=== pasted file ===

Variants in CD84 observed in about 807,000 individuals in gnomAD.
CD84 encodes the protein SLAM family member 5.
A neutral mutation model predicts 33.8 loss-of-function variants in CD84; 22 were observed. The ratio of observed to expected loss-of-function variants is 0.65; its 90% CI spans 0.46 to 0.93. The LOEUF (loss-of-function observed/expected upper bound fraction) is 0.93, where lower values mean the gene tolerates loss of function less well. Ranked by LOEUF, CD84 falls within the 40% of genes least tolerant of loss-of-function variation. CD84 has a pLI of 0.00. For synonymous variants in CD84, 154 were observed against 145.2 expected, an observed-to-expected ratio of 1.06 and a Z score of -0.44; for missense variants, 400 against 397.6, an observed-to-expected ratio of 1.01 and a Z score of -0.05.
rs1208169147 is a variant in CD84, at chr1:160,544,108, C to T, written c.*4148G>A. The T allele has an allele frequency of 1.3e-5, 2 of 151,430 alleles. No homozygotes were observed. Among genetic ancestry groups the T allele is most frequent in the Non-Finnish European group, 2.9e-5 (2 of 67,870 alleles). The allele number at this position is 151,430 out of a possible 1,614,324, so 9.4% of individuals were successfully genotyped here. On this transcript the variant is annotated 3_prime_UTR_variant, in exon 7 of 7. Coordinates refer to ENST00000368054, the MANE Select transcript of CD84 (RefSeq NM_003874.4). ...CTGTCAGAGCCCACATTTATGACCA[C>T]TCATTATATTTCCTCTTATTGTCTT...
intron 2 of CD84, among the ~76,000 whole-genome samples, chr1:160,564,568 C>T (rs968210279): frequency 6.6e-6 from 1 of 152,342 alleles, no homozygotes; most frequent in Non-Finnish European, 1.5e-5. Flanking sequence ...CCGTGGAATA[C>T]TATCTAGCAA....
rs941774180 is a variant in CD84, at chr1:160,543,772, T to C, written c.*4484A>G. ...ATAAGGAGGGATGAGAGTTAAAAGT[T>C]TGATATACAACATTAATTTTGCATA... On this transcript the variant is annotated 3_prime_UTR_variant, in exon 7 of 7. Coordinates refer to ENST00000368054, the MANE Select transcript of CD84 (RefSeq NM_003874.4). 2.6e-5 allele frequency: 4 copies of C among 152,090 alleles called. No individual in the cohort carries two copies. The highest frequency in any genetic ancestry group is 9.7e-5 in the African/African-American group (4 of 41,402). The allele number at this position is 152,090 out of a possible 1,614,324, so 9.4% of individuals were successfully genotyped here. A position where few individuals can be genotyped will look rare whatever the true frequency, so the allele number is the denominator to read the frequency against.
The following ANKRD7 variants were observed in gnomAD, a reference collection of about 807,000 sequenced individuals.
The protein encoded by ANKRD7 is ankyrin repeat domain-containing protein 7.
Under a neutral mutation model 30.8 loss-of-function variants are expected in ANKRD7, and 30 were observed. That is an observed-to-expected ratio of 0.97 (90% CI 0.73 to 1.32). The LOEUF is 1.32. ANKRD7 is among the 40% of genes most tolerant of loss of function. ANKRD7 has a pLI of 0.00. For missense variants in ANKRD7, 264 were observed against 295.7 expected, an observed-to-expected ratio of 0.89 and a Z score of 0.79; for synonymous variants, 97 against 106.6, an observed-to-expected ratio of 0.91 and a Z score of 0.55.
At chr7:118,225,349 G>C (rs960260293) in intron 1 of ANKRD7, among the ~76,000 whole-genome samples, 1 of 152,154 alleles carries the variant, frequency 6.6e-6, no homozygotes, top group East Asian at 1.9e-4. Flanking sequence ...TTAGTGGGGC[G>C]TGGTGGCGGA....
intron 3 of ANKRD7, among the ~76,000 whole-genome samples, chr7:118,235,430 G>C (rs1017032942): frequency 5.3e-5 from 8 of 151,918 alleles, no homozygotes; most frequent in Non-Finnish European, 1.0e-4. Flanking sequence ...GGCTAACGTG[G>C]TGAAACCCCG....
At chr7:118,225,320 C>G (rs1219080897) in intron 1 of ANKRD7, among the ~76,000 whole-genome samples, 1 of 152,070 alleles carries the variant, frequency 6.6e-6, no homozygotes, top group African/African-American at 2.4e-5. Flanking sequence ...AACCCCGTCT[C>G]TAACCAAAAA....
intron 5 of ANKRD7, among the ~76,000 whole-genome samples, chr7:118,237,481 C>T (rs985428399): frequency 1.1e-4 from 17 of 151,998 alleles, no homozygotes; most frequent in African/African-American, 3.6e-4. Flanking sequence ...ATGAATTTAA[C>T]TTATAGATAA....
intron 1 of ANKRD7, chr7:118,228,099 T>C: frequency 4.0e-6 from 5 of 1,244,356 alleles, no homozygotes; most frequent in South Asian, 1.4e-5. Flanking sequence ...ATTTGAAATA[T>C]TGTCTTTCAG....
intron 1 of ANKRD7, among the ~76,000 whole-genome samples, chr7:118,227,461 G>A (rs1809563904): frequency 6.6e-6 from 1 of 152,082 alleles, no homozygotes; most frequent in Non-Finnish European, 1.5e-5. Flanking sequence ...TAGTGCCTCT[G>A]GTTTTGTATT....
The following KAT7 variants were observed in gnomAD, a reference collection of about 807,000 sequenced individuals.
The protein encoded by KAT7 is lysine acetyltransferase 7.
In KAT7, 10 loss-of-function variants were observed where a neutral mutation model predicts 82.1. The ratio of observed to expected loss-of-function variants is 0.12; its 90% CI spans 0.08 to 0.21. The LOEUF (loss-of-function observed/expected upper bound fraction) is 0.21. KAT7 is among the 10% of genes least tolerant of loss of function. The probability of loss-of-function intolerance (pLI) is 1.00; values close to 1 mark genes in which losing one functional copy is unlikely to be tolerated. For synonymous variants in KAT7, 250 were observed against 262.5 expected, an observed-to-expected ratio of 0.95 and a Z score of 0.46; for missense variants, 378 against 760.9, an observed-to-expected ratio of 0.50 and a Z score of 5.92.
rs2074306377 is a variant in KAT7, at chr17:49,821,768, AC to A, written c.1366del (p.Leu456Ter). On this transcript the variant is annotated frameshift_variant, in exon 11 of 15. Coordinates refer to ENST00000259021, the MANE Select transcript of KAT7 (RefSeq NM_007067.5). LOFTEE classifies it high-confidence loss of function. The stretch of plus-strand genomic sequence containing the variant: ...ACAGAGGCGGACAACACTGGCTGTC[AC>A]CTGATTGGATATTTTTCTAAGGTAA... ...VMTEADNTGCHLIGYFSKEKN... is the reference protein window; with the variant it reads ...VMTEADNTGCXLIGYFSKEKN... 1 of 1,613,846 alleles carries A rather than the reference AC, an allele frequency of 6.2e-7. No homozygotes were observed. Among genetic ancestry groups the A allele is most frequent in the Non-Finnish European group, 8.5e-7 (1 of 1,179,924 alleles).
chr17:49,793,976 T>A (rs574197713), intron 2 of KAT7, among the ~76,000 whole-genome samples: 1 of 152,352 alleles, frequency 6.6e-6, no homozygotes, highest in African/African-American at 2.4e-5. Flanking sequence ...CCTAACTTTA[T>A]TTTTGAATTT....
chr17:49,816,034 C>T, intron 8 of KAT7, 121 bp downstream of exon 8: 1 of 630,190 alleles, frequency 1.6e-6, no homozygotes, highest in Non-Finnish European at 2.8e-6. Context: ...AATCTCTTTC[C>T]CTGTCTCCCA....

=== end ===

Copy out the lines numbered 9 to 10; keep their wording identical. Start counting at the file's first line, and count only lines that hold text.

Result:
Under a neutral mutation model 30.8 loss-of-function variants are expected in ANKRD7, and 30 were observed. That is an observed-to-expected ratio of 0.97 (90% CI 0.73 to 1.32). The LOEUF is 1.32. ANKRD7 is among the 40% of genes most tolerant of loss of function. ANKRD7 has a pLI of 0.00. For missense variants in ANKRD7, 264 were observed against 295.7 expected, an observed-to-expected ratio of 0.89 and a Z score of 0.79; for synonymous variants, 97 against 106.6, an observed-to-expected ratio of 0.91 and a Z score of 0.55.
At chr7:118,225,349 G>C (rs960260293) in intron 1 of ANKRD7, among the ~76,000 whole-genome samples, 1 of 152,154 alleles carries the variant, frequency 6.6e-6, no homozygotes, top group East Asian at 1.9e-4. Flanking sequence ...TTAGTGGGGC[G>C]TGGTGGCGGA....